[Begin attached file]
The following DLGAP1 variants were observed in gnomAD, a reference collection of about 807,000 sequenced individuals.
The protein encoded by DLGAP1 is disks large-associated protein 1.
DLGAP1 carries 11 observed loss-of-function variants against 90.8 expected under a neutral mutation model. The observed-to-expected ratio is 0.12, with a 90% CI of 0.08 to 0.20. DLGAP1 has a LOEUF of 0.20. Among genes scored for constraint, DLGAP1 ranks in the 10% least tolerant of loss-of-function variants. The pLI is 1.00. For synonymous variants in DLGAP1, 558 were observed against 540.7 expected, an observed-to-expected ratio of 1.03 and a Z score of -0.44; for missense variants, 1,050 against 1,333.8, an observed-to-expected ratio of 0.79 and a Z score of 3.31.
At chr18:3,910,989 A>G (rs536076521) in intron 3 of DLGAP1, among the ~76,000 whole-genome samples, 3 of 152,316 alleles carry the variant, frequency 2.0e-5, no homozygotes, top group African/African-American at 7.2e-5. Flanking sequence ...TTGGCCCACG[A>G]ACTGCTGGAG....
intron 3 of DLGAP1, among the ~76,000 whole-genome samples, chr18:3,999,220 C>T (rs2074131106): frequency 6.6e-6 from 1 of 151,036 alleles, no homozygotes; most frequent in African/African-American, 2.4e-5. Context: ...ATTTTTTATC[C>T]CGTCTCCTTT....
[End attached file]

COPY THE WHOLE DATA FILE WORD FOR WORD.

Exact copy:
The following DLGAP1 variants were observed in gnomAD, a reference collection of about 807,000 sequenced individuals.
The protein encoded by DLGAP1 is disks large-associated protein 1.
DLGAP1 carries 11 observed loss-of-function variants against 90.8 expected under a neutral mutation model. The observed-to-expected ratio is 0.12, with a 90% CI of 0.08 to 0.20. DLGAP1 has a LOEUF of 0.20. Among genes scored for constraint, DLGAP1 ranks in the 10% least tolerant of loss-of-function variants. The pLI is 1.00. For synonymous variants in DLGAP1, 558 were observed against 540.7 expected, an observed-to-expected ratio of 1.03 and a Z score of -0.44; for missense variants, 1,050 against 1,333.8, an observed-to-expected ratio of 0.79 and a Z score of 3.31.
At chr18:3,910,989 A>G (rs536076521) in intron 3 of DLGAP1, among the ~76,000 whole-genome samples, 3 of 152,316 alleles carry the variant, frequency 2.0e-5, no homozygotes, top group African/African-American at 7.2e-5. Flanking sequence ...TTGGCCCACG[A>G]ACTGCTGGAG....
intron 3 of DLGAP1, among the ~76,000 whole-genome samples, chr18:3,999,220 C>T (rs2074131106): frequency 6.6e-6 from 1 of 151,036 alleles, no homozygotes; most frequent in African/African-American, 2.4e-5. Context: ...ATTTTTTATC[C>T]CGTCTCCTTT....